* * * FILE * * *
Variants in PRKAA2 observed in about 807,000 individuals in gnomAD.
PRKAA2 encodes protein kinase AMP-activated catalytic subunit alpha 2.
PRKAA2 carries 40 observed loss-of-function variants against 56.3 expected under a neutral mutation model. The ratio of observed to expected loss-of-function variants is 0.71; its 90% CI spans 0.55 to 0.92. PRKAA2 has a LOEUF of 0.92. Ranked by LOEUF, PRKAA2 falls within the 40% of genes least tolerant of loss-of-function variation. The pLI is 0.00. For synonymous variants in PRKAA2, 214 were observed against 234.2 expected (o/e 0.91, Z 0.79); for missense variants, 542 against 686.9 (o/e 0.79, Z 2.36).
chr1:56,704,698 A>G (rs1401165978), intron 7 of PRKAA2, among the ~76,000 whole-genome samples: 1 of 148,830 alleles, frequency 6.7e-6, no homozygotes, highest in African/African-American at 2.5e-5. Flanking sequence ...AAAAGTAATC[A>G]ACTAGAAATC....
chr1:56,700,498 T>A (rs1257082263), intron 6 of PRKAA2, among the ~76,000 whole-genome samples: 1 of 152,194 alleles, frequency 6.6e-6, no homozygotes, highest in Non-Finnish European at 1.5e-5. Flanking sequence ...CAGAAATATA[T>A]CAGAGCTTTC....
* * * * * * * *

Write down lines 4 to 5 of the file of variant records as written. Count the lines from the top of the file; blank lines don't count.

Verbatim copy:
chr1:56,704,698 A>G (rs1401165978), intron 7 of PRKAA2, among the ~76,000 whole-genome samples: 1 of 148,830 alleles, frequency 6.7e-6, no homozygotes, highest in African/African-American at 2.5e-5. Flanking sequence ...AAAAGTAATC[A>G]ACTAGAAATC....
chr1:56,700,498 T>A (rs1257082263), intron 6 of PRKAA2, among the ~76,000 whole-genome samples: 1 of 152,194 alleles, frequency 6.6e-6, no homozygotes, highest in Non-Finnish European at 1.5e-5. Flanking sequence ...CAGAAATATA[T>A]CAGAGCTTTC....